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"The people who cast the votes don't decide an election; the people who COUNT the votes do." -- Joseph Stalin

Monday, March 30, 2009

The American Health Security Act of 2009

Universal Healthcare

While the one reform that could cure what ails America's health care system has attracted plenty of adherents in the House -- 72 members have signed on as backers of House Judiciary Committee chair John Conyers' single-payer proposal and others back a plan introduced by Washington Democrat Jim McDermott's legislation -- there has not been a Senate proposal to rally around. Until now.

That's what makes Vermont Senator Bernie Sanders' proposed "American Health Security Act of 2009" such an important piece of legislation. In addition to being the first single-payer bill introduced in the Senate since the mid-1990s -- when the late Paul Wellstone, D-Minnesota, sponsored a bill similar to the plan now being advanced by Sanders -- it raises the profile of the doctors, nurses, patients and other campaigners who are trying to tell the Obama administration and its congressional allies that the legislative compromises they entertain are doomed to fail.

Under the American Health Security Act of 2009:

  • Patients could seek care from the doctor or hospital of their choice.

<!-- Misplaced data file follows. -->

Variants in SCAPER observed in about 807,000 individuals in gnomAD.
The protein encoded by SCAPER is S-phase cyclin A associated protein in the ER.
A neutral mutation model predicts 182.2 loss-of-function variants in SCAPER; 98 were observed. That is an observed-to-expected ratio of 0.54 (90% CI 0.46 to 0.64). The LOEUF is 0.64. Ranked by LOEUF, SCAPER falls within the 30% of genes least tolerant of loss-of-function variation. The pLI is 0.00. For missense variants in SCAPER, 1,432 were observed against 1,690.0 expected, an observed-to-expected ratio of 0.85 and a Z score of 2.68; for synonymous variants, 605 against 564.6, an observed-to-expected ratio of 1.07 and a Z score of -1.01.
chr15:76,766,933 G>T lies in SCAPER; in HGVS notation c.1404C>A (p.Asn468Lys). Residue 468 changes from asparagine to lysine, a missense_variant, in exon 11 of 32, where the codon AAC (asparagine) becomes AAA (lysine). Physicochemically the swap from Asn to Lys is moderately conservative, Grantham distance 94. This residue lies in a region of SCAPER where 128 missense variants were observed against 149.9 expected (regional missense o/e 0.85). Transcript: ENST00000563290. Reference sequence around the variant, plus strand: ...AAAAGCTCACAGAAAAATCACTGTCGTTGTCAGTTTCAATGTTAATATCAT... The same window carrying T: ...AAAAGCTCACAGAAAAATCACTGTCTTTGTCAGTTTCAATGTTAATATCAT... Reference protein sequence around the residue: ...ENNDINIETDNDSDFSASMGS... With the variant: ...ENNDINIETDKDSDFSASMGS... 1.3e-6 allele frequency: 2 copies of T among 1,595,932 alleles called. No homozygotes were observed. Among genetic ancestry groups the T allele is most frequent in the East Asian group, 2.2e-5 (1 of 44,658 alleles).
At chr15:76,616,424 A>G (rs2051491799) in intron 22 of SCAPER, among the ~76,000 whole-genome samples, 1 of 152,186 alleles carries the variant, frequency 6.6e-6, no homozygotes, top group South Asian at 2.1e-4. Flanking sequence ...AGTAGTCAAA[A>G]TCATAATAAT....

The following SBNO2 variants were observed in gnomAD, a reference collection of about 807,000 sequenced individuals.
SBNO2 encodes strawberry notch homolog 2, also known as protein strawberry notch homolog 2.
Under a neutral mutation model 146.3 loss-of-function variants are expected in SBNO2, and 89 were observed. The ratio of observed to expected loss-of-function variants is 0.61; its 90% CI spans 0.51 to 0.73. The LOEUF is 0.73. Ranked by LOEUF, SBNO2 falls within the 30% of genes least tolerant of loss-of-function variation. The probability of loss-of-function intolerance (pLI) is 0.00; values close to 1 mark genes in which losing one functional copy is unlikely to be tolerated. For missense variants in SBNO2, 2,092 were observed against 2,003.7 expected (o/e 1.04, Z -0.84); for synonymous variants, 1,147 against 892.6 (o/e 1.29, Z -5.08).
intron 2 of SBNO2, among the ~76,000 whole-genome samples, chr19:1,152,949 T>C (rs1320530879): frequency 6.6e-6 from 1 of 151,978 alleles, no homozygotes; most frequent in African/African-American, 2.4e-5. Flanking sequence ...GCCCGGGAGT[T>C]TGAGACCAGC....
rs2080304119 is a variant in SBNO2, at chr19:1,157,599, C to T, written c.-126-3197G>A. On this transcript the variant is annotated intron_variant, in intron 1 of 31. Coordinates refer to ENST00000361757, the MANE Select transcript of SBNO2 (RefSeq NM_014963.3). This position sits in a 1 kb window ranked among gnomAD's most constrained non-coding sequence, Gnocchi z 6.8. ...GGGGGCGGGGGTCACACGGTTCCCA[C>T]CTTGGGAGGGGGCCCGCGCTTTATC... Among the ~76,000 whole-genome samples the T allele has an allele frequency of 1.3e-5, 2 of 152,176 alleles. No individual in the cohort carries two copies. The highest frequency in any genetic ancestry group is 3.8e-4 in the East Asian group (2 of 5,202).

• The new national health care program would be paid for by combining current sources of government health spending into a single fund with modest new taxes amounting to less than what people now pay for insurance premiums and out-of-pocket expenses.

  • Funding would come from the federal government, but the program would be administered by the states.

  • The high overhead and profits of the private, investor-owned insurance industry would be eliminated, along with the burdensome paperwork imposed on physicians and other providers. As a result, the plan would save at least $400 billion annually – enough money to provide comprehensive, quality care to all.

  • Community health centers would be fully funded, giving the 60 million Americans now living in rural and underserved areas access to care.

  • To address the critical shortage of primary care physicians and dentists, resources for the National Health Service Corps to train an additional 24,000 health professionals would be provided.

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  1. This looks like an excellent plan, and it's the only plan in the Senate. There's been a lot of disinformation about levels of health care in foreign countries, but the bottom line for me is that there's no country - among those we used to call "Developed Countries" - with citizens worrying about where they can go when they're injured or sick.

    It is simply appalling that in the United States, it has taken the increasing prevalence of health needs among the young to generate a meaningful movement for health care in our national legislature.

  2. Yay, Bernie. Glad someone on the Senate side came through.

    Not too hopeful, however, unless Americans badger their elected officials to death, march in the streets, etc. The lobbies will gobble it all right up, like Thanksgiving dinner.


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